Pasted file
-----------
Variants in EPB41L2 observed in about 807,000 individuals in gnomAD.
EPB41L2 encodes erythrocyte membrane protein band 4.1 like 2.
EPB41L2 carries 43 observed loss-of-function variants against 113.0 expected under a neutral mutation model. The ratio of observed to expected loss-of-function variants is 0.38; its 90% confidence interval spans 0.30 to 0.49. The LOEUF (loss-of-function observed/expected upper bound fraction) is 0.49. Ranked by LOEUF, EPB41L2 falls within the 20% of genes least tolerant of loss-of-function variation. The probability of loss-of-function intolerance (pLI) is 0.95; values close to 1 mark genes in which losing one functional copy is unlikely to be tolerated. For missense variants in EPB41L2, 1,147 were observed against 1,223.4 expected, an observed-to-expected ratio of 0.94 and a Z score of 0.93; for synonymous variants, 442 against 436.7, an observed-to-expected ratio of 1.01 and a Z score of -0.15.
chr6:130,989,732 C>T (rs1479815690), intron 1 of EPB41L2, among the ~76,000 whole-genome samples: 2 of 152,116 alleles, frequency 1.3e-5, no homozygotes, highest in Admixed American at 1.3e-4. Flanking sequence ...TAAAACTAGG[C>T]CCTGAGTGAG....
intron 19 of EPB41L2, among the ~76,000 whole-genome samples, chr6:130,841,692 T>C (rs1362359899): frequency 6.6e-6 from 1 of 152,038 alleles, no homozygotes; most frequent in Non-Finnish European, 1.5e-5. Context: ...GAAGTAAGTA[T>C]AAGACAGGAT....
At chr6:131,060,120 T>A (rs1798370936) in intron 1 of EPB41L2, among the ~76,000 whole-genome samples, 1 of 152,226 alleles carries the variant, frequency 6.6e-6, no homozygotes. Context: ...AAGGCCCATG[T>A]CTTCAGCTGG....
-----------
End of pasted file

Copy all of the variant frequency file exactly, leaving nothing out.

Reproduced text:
Variants in EPB41L2 observed in about 807,000 individuals in gnomAD.
EPB41L2 encodes erythrocyte membrane protein band 4.1 like 2.
EPB41L2 carries 43 observed loss-of-function variants against 113.0 expected under a neutral mutation model. The ratio of observed to expected loss-of-function variants is 0.38; its 90% confidence interval spans 0.30 to 0.49. The LOEUF (loss-of-function observed/expected upper bound fraction) is 0.49. Ranked by LOEUF, EPB41L2 falls within the 20% of genes least tolerant of loss-of-function variation. The probability of loss-of-function intolerance (pLI) is 0.95; values close to 1 mark genes in which losing one functional copy is unlikely to be tolerated. For missense variants in EPB41L2, 1,147 were observed against 1,223.4 expected, an observed-to-expected ratio of 0.94 and a Z score of 0.93; for synonymous variants, 442 against 436.7, an observed-to-expected ratio of 1.01 and a Z score of -0.15.
chr6:130,989,732 C>T (rs1479815690), intron 1 of EPB41L2, among the ~76,000 whole-genome samples: 2 of 152,116 alleles, frequency 1.3e-5, no homozygotes, highest in Admixed American at 1.3e-4. Flanking sequence ...TAAAACTAGG[C>T]CCTGAGTGAG....
intron 19 of EPB41L2, among the ~76,000 whole-genome samples, chr6:130,841,692 T>C (rs1362359899): frequency 6.6e-6 from 1 of 152,038 alleles, no homozygotes; most frequent in Non-Finnish European, 1.5e-5. Context: ...GAAGTAAGTA[T>C]AAGACAGGAT....
At chr6:131,060,120 T>A (rs1798370936) in intron 1 of EPB41L2, among the ~76,000 whole-genome samples, 1 of 152,226 alleles carries the variant, frequency 6.6e-6, no homozygotes. Context: ...AAGGCCCATG[T>A]CTTCAGCTGG....